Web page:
March is National Nutrition Month and Dietitians of Canada (DC), the dietitian national regulatory body, puts forward a theme to spark the interest of Canadians. This year the theme is Take the fight out of food! When I heard this theme, I thought, yeah it’s true, most of us fight with food daily, multiple times a day… and when you think about it, that’s sad, isn’t it?


Food is meant to nourish, and energize all while being a source of enjoyment, and satisfaction, not frustration and confusion. Why is it so sad? Well, I can honestly say, a majority of people I know or meet, food brings them stress, grief, anger and dissatisfaction. But the problem is, we must to eat to survive! So we as people, need to figure out our fight with food and get it straight, so that we can lead fulfilled, vigiourus lives without these huge cloud over our heads.


What’s my relationship with food? People always seem so curious as to how a dietitian eats, and thinks about food. But before I was a dietitian, I just ate food, without thinking much about it. That’s not entirely true….food has always been a huge part of my like, so no surprise I chose this career path. But my relationship with food, as with most people, starts at a young age. Growing up on a farm, I connected more with where food came from, and my mom was an excellent cook, so I ate, and ate as much as I wanted and whatever I wanted, a variety of food. As I became older and more educated, food had more meaning, more purpose, I ate foods that made me feel good and made me feel healthy, and I didn’t eat any one food excessively (unless it’s peanut butter, still a food fight of mine!), nor did I avoid any foods. Today, I eat with joy, and satisfaction, I choose meals that are fulfilling and nourishing but most importantly delicious. I also have a passion for succulent, indulgent foods and desserts, and I never ever restrict myself from enjoying luxuriously rich meals…I just don’t eat them every day, period. And it’s what you do everyday that counts….


So get help with your own food fight, so that eating for you can also be joyful and satisfying. Here’s what DC suggests to do to Take the fight out of food, and I think it’s a great approach.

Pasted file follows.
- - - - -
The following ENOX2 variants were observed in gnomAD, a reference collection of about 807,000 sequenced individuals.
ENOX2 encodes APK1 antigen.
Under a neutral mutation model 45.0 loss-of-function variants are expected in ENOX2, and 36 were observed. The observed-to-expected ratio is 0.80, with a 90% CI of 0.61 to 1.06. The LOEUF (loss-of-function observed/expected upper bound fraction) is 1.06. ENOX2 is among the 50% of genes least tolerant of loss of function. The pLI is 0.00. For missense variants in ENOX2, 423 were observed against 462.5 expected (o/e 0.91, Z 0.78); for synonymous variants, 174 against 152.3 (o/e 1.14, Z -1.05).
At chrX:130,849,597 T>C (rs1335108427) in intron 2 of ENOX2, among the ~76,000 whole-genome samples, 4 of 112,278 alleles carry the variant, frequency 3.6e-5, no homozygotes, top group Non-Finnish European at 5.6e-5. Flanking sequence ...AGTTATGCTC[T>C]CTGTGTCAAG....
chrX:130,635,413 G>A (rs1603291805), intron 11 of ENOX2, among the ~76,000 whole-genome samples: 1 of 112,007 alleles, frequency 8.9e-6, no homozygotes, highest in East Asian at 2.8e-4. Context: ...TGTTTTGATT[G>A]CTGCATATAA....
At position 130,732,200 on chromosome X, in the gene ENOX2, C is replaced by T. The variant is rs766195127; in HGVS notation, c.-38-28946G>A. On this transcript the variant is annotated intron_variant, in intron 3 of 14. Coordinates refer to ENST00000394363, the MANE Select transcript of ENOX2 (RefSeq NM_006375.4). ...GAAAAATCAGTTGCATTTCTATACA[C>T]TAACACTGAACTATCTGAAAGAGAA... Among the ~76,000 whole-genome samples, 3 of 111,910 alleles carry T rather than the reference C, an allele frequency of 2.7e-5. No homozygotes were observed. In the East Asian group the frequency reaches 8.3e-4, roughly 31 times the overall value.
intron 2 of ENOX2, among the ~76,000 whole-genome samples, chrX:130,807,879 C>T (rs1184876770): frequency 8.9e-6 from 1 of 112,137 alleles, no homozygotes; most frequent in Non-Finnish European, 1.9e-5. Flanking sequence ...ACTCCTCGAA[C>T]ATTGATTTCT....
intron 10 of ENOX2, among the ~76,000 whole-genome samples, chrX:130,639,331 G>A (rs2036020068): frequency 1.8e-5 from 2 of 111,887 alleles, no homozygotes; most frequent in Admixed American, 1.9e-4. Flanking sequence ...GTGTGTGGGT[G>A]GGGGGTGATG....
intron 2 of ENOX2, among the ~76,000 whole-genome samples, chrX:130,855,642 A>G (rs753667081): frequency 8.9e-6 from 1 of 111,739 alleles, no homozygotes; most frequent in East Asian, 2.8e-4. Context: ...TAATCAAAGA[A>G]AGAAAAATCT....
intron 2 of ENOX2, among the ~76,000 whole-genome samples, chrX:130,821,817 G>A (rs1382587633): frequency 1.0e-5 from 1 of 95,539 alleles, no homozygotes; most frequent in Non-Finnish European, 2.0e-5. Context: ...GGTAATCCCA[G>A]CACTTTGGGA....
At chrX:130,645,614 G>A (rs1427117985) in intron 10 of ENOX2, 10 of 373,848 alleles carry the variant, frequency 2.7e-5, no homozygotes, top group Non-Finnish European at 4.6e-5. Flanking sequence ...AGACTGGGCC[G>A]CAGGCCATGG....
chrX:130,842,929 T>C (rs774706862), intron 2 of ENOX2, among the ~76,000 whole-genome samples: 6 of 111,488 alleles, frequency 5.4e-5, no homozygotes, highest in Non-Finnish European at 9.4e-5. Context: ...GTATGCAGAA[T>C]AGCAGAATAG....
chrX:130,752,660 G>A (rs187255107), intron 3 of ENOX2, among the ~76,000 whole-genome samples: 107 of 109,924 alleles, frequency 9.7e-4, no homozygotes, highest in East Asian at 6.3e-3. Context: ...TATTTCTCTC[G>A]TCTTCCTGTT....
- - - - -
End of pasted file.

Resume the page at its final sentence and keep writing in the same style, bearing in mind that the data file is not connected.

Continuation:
1. Spot the problem. What is causing your fight with food? Is it figuring out the best foods to buy? How to prepare them? How to serve them to your family? Are you managing a condition like diabetes? Trying to achieve certain health and wellness targets? Pick your battle.


2. Get the facts. Don’t just Google Search everything, actually get facts from credible sources, like dietitians! Outdated information or opinion that is not based on evidence will cause further confusion, only making your fight with food greater.


3. Seek Support. Support to put your plan into action. Get the support from your family and friends, a health professional, like a dietitian and commit to your plan, and trust that you have what it takes to end one of your foods fights.

 

 

 

 

The Struggle is real:

Take the Fight out of Food

by Jessica Wylychenko

 

Food fighhht!!! Now that sounds like fun! But really, I’m not talking about the food fights we would have as kids at a family BBQ or summer camp, throwing mac n’ cheese at each other.

 

I’m talking about the real struggle with food that most people encounter every day. As a dietitian, working with clients or just observing human kind in various eating environments, I realize most people, when they eat, just sit down and hope for the best. Eating “healthy” for most people is a shot in the dark. So let me enlighten you.

 

January 8, 2018

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Jessica Wylychenko, RD